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September 2017
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EDITO
Thursday, 21 September 2017

Not only did the state company EMATUM (Mozambique Tuna Company) borrow hundreds of millions of dollars on the European bond market to purchase a brand new fleet of fishing boats, but it now turns out that the boats are not fit for purpose. The Minister of Economy and Finance, Adriano Maleiane, told deputies of the Mozambican parliament, the Assembly of the Republic, last week that ten of the 24 EMATUM fishing boats are being refitted in South Africa so that they meet the technical specifications demanded by the European Union for boats that catch fisheries produce intended for the European market. But the boats were all built at a shipyard, Constructions Mechaniques de Normandie (CMN), in the French port of Cherbourg, and France is a member of the European Union. Maleiane was thus effectively claiming that boats built recently in a European shipyard do not meet the European Union's own specifications for fishing boats.

Source: allafrica.com

Wednesday, 25 May 2016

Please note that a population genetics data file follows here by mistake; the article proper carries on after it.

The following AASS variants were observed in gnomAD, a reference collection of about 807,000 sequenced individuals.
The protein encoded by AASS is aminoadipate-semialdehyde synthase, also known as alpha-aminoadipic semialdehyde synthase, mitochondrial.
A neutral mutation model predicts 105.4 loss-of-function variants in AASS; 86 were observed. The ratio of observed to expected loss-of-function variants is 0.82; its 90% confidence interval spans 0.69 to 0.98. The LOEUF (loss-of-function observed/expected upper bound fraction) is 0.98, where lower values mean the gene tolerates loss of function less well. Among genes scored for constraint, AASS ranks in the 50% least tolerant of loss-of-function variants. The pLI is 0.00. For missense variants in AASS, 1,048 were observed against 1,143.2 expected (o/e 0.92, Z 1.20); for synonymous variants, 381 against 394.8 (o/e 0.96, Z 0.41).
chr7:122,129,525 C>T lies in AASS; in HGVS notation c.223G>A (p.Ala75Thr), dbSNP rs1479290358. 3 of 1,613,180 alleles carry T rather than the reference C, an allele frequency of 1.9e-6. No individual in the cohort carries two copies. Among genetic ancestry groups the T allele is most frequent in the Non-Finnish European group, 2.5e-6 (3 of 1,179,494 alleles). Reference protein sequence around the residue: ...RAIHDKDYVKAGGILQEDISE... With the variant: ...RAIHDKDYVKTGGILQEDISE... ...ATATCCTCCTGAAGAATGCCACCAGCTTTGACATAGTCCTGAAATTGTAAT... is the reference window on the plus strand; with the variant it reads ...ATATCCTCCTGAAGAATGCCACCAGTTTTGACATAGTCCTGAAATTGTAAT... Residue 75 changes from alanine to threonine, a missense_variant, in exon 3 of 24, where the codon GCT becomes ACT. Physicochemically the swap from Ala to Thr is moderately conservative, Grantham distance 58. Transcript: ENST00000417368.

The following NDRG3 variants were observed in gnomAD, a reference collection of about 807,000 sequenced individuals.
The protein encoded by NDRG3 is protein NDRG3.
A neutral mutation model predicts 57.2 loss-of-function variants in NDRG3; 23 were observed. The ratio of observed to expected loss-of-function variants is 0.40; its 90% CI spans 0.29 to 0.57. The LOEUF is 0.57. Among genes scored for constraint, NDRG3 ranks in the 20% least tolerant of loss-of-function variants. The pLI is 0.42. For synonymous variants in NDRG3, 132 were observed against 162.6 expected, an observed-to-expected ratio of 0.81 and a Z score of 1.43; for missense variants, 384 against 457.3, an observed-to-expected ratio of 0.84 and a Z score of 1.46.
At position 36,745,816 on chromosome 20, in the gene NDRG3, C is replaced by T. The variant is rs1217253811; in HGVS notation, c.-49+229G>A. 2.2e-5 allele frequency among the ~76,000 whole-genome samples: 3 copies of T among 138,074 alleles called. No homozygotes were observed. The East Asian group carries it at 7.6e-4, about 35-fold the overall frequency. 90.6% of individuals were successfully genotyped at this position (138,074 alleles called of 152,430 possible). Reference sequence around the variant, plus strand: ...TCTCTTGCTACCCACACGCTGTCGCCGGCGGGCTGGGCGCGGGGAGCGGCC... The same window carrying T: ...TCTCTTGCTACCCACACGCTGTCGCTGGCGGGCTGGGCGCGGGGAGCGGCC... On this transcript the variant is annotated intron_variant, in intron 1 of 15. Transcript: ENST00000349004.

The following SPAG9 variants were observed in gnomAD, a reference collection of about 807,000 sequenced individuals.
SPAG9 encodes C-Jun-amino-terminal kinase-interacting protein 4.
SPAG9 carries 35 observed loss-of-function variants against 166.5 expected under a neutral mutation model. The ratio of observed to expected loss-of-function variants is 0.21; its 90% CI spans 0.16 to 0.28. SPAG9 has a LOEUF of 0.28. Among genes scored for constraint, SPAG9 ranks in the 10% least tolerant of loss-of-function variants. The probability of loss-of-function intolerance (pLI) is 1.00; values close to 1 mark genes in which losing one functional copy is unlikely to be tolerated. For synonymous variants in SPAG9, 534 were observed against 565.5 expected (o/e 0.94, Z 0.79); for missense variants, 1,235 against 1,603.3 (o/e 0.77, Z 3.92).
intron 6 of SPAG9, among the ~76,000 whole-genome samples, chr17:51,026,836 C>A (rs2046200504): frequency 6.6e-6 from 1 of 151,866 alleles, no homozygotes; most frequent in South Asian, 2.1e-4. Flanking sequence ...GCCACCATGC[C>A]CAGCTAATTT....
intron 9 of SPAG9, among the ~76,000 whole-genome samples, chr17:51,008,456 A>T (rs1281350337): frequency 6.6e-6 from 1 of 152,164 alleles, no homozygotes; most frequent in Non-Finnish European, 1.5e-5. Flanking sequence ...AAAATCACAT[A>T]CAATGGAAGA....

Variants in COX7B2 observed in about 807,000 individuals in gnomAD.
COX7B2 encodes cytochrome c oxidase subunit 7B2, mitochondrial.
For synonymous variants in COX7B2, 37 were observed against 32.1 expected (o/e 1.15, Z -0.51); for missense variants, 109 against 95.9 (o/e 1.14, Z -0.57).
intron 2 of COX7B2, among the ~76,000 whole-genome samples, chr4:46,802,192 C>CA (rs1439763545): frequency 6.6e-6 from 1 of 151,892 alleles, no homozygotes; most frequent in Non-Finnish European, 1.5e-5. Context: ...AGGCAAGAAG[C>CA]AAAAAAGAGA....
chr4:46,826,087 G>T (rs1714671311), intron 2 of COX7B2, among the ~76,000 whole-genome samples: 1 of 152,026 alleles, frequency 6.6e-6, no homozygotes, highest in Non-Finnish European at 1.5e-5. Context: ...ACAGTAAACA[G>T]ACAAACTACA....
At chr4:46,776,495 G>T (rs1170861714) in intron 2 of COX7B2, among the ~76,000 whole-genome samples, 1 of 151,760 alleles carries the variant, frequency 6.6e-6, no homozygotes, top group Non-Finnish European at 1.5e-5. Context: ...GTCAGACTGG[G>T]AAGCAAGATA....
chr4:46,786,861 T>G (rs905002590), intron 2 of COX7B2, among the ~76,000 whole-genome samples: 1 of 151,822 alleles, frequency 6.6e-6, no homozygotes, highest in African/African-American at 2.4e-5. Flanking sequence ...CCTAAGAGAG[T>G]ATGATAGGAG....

Divisions in the Cook Islands over a controversial fishing deal have reached a new peak with opposition MPs asking a Swedish politician to talk to the European Union on their behalf. The government is set to sign a deal with the EU that would allow Spanish vessels to fish in its exclusive economic zone for at least eight years. About 4,000 people have signed a petition against the move. The opposition's finance and economy spokesman, James Beer, has written to Sweden's minister for International Development Cooperation, Isabella Lovin, to lobby the EU. Ms Lovin is a former member of the EU parliament and experienced in fisheries. In 2013, she wrote to the Kiribati government expressing her concerns over a similar agreement it had initialled. Mr Beer says the government has been continually warned that it's a bad agreement for the Cook Islands.